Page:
While every effort to encourage the use of renewable energy is to be lauded, it is unfortunate that economic benefits are necessary for its implementation. In a socialist society, where decisions are made based on the needs of society, rather than the profits of a few, the use of renewable energy could be dramatically increased. Every home could make use of technologies such as solar panels and photovoltaics. Energy production could be decentralised, and supported by energy generation at offshore wind, wave or tidal power.
The only limits to the development of these technologies are the limits imposed by capitalism. The limits created by the need for profit. Profit that will be used to generate more growth, and more profit, and more growth until our natural habitat is destroyed.
Released from the need to create profit, research into renewable energy sources could develop rapidly, which could ultimately end our reliance on fossil fuels. A habitable planet is a need of society, and the needs of society will be met by socialism.
It’s the Tolpuddle Festival this weekend at Tolpuddle, near Dorchester in Dorset.
The festival celebrates the story of the Tolpuddle Martyrs, who were transported to Australia after forming a trade union, and were released following mass protests, and petitions demanding their freedom.
It looks like tickets for events on Friday and Saturday are sold out, but events on Sunday, including the march through Tolpuddle, are free.
Representatives from the Socialist Party of Great Britain will be there manning a literature stall, and will be happy to answer any questions regarding socialism.
Full details of the festival and a programme of events are available here.
A report has been published that shows large parts of the UK as being ‘off limits” to lower income families (here).
Do you want to live in a society where everyone has access to home, and homelessness and overcrowding do not exist; where good quality housing is available to all everywhere, and people aren’t forced to live in poor conditions due to poverty; where you do not need to live in fear of eviction if your landlord decides to sell your home?
If you would like to live in a society where you are guaranteed a home, then take a look at the Socialist Party of Great Britain’s website for further information.
A report was published by Oxfam in January 2013 calling for an end to extreme wealth by 2025 (here). The report includes some interesting data showing that the rich are indeed getting richer:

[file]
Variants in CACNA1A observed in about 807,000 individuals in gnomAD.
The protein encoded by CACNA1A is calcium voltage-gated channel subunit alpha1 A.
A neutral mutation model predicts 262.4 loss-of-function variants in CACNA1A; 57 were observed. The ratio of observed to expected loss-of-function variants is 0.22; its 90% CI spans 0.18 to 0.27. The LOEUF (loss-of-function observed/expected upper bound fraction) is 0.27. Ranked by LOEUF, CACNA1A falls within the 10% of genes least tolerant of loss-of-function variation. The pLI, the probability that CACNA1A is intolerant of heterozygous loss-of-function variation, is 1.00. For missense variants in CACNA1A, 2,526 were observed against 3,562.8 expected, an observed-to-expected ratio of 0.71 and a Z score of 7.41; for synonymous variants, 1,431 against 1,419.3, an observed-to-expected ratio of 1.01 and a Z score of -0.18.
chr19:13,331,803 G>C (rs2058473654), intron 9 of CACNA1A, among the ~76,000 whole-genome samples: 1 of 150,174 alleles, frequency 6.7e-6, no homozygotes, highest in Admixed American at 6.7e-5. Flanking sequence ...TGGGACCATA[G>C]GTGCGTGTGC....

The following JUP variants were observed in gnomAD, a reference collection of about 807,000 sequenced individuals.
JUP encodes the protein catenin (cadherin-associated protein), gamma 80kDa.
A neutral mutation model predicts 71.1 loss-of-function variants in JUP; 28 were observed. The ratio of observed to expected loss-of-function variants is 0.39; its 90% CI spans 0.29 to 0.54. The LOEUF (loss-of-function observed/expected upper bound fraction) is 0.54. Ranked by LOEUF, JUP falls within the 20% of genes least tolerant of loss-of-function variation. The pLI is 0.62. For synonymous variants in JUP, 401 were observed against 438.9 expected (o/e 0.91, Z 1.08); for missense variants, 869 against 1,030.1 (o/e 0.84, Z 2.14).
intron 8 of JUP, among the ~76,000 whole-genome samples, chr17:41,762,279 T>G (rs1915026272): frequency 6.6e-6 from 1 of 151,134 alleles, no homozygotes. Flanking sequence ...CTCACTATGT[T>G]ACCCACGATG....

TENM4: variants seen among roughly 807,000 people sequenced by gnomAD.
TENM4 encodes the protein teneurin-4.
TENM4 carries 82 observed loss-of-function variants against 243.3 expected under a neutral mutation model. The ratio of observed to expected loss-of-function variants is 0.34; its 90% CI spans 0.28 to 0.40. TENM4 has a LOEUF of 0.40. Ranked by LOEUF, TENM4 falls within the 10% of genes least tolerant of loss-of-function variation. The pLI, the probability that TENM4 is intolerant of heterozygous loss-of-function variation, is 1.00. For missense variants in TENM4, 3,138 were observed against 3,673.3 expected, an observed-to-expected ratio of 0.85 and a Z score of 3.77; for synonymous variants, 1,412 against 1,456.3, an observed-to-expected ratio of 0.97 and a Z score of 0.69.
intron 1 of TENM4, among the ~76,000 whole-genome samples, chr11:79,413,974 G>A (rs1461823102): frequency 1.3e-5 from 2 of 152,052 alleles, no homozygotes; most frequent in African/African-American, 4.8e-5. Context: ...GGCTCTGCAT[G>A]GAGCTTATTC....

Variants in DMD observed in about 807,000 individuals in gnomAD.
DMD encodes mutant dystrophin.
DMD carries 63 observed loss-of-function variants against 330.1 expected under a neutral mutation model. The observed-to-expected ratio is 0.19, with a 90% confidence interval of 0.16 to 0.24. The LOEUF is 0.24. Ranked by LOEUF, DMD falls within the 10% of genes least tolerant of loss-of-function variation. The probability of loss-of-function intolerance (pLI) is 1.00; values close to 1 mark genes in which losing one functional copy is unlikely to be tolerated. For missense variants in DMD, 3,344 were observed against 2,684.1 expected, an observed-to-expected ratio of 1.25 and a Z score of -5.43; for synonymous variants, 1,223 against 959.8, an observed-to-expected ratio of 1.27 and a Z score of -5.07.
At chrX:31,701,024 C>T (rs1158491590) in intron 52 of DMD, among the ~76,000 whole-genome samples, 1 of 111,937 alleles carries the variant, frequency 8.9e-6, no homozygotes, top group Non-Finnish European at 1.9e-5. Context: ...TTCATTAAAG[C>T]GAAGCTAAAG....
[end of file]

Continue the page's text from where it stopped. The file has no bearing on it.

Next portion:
- In the US, the share of national income going to the top 1% has doubled since 1980 from 10% to 20%. The share of national income going to the top 0.01% has quadrupled;
- In China, the top 10% take home 60% of the national income;
- In the UK, inequality is returning to levels not seen since the time of Charles Dickens (who died a few years after the publication of Karl Marx’s Capital); and
- Following the global financial crisis, the growth in income of the top 1% has increased globally, and sales of luxury goods have achieved double digit growth every year.
The report goes on to describe the inequality as economically inefficient, politically corrosive, socially divisive, environmentally destructive and unethical.
The report also describes the inequality as not inevitable, and outlines a variety of policies and reforms that can be used to ‘reduce’ inequality. The report ends with the following statement, “An end to extreme wealth by 2025. Reversing increasing extreme inequality and aim to return inequality to 1990 levels.”
Unfortunately, no amount of reforms and policies operating within capitalism will be able to eradicate inequality in society. Any reductions will be short-lived, as history has shown. As long as we continue to produce for profit, there will be no equality. Why try to return to the inequality of 1990 when it can be eradicated by a socialist revolution? It is time for all those campaigning for equality, social justice and the environment to realise that capitalism cannot be reformed. Stop trying to treat the symptoms of capitalism, and join the fight to remove the cause.